Sign of (another) time uncovered on Diamond Knot building

By Sara Bruestle | May 22, 2013
Courtesy of: Sherry Jennings A sign for a take-out restaurant that served fish and chips, clam chowder and hamburgers in the 1970s was found underneath decades-old siding on May 15 during renovations of the Front Street building that is home to the Diamond Knot Brewery & Alehouse.

As staff asked for Neptune’s blessing at the grand re-opening of the Diamond Knot restaurant back in April, they didn’t realize that the Roman god of the sea was already there.

A sign was uncovered on May 15 during last-touch renovations of the exterior of the building at 621 Front St. that depicts Neptune wielding his trident and wearing a crown.

Crews were removing decades-old siding from the building around 9 a.m. in order to lay new bricks when they found a sign underneath for a take-out restaurant called Neptune’s Galley.

“The contractor working for the building owners was pulling off the wood siding and happened to come across it,” said Sherry Jennings, Diamond Knot spokesperson. “It was a total surprise.”

“We’re going to clean it up the best we can and track down the artist… and see if we can preserve it in some way. We’re doing our due diligence.”

The sign, which can be seen from the Mukilteo Speedway on the east, promotes Neptune’s as the “Home of the Galley Burger” and touts the restaurant’s “Very Fast Service.”

Owner Burt Aronsen opened Neptune’s Galley in 1971 in the northwest corner of what is now the Diamond Knot Brewery & Alehouse.

Neptune’s served cheap fish and chips, clam chowder and hamburgers – the typical beachfront fare. The signature burger on the menu was the “Galley Burger.”

“His hamburgers were OK, but the food really wasn’t spectacular,” said Doug Kimball, who later opened a mercantile next door. “Everything was out of a can. His chowder was out of a can.”

Before Neptune’s, Aronsen owned the Island Empire bus line. He used the building as a “bus barn” for his business. Aronsen sold the Island Empire line in 1970, trading buses for burgers.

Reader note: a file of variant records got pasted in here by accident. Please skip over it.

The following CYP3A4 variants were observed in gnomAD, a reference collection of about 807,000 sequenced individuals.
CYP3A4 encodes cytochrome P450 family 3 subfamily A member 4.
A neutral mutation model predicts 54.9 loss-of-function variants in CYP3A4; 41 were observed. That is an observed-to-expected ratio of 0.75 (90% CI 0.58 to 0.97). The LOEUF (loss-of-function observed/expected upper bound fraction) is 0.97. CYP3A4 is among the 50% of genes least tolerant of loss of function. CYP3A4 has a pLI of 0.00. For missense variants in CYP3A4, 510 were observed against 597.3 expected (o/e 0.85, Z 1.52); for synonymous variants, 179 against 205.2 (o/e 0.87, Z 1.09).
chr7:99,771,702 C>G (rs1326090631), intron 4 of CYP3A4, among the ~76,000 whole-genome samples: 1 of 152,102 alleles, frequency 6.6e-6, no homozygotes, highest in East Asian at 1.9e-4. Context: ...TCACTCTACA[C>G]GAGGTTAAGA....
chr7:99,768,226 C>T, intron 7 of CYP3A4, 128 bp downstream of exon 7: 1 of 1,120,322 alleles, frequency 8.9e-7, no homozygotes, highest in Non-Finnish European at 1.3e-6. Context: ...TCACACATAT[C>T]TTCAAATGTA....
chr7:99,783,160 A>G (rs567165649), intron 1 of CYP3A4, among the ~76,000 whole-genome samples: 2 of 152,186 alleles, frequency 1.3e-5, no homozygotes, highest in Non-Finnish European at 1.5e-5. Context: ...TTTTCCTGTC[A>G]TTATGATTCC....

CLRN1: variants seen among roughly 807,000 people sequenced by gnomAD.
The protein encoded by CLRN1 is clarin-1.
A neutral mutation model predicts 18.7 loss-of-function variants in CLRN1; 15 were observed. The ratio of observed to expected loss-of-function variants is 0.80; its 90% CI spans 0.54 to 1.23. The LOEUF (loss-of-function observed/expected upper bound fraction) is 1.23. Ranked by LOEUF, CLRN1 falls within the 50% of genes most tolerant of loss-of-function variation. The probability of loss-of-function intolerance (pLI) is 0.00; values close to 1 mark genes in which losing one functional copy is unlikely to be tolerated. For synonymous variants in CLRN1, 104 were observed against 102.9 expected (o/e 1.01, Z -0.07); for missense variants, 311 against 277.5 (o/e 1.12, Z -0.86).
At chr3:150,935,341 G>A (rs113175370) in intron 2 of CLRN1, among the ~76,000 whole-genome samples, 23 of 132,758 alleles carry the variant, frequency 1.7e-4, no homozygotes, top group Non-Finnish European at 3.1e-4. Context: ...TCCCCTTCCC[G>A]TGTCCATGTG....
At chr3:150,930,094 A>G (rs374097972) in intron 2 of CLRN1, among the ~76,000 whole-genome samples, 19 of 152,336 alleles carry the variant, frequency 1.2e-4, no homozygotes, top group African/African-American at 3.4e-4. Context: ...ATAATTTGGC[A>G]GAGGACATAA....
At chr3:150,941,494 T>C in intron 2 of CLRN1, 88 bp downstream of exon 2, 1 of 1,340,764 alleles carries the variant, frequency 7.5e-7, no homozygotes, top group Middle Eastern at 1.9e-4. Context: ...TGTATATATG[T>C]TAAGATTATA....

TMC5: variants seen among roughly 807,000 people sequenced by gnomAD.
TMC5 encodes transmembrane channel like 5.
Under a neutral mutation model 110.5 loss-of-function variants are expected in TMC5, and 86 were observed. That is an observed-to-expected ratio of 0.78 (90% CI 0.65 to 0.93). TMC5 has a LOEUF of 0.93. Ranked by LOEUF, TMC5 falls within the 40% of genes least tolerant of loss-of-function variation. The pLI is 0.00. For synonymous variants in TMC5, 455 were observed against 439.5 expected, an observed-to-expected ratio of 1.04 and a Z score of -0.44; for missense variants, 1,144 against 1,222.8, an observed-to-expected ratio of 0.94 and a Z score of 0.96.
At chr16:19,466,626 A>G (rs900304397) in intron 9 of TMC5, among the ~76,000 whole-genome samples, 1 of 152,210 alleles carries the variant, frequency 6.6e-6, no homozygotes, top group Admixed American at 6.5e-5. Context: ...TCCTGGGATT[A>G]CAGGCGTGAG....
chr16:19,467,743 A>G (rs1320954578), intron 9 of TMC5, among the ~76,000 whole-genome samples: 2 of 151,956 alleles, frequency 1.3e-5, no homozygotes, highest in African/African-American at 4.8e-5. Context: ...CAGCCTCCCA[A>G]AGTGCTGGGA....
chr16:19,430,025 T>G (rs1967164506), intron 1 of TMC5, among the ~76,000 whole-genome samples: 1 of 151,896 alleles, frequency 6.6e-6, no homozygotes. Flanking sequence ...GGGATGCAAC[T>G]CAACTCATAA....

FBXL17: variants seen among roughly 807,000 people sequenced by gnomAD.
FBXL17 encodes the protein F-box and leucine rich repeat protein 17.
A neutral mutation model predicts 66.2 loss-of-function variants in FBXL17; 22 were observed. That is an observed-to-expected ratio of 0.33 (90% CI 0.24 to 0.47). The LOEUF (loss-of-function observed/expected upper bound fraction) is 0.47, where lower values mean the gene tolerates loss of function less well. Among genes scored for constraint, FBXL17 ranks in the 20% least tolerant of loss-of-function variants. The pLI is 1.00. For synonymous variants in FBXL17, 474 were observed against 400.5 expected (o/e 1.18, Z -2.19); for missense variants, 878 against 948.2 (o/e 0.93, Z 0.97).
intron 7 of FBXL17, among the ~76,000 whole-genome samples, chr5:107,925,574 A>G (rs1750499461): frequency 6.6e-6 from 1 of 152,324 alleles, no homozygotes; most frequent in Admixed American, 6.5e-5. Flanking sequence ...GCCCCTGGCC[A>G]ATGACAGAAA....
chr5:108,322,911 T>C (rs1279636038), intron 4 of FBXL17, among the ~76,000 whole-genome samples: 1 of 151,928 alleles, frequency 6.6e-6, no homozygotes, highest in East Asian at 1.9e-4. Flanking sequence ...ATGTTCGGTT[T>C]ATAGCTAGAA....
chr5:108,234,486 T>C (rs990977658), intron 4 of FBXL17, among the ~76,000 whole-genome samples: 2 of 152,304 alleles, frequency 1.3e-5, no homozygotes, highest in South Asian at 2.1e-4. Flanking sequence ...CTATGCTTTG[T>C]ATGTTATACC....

Aronsen also opened an ice cream shop next to Neptune’s – about where the alehouse entrance is – which he leased to several different owners over the years, including Ken Collier.

Diamond Knot has a “Collier’s Creamery” sign hanging inside the alehouse.

The owners of Diamond Knot would like to keep the old Neptune's sign, if the city will allow it, and add a brick frame around it, said Patricia Love, the city’s assistant director of community development.

“They don’t want it to count against their signage," Love said. "We are researching codes to determine if the Historic Sign exemption could apply."

Neptune’s was sold around 1978 and became the Barnacle’s Restaurant, until it closed around 1980. Barnacle’s Restaurant was basically a “fancier” Neptune’s, Kimball said.

After Barnacle’s, the restaurant became the Mukilteo Café, and then Wong’s Garden Chinese Restaurant, China Express, and the Manhattan Restaurant. Most recently, it had been Woody’s, a shop that sold souvenirs and ice cream.

In 1976, Doug and Lois Kimball opened the Mukilteo Mercantile in the eastern half of the building. The mercantile sold antiques and gifts, including pottery, baskets and paintings.

The Kimballs shut down the mercantile in 1981 and turned it into a bar called the Mukilteo Beverage Co. They sold it in 1983.

The bar was renamed Cheers Too! Diamond Knot opened Mukilteo’s first microbrewery in the back of the bar in 1994.

Diamond Knot soon purchased Cheers Too! and renamed it the Brewery & Alehouse in 1999.

With the expansion and remodel, the alehouse has doubled in size. It now has a bigger kitchen, more restaurant seating, and a coffee and ice cream café. Its grand re-opening was on April 6.

Staff “christened” the restaurant Diamond-Knot style by breaking a bottle of its India Pale Ale.

Now Diamond Knot is busy updating the exterior of the building, Jennings said.

“We’re redoing the outside of the building, putting on a new façade with rock filling and wood on top,” she said. “We’re giving it a facelift.”

Diamond Knot staff posted a photo of the Neptune’s Galley sign on Facebook, asking fans to help them identify the year and story behind the sign. However, staff are hearing from more than just Facebook fans.

“Everybody is commenting,” Jennings said. “I’m even hearing things on Whidbey about Great Neptune on the side of building.”

Fans responded on Facebook in earnest, sharing what history they knew and advocating for the sign to be salvaged in some way:

“Keep it for its character and its history!” wrote Kimberly Jarosik.

“You can’t cover that up!” wrote Maria Michael.

“Please keep it! Or, sell it to me!” wrote Chris Ballard.

Fan Steve Smith had another idea: “You absolutely have to put a Galley Burger on the menu now.”

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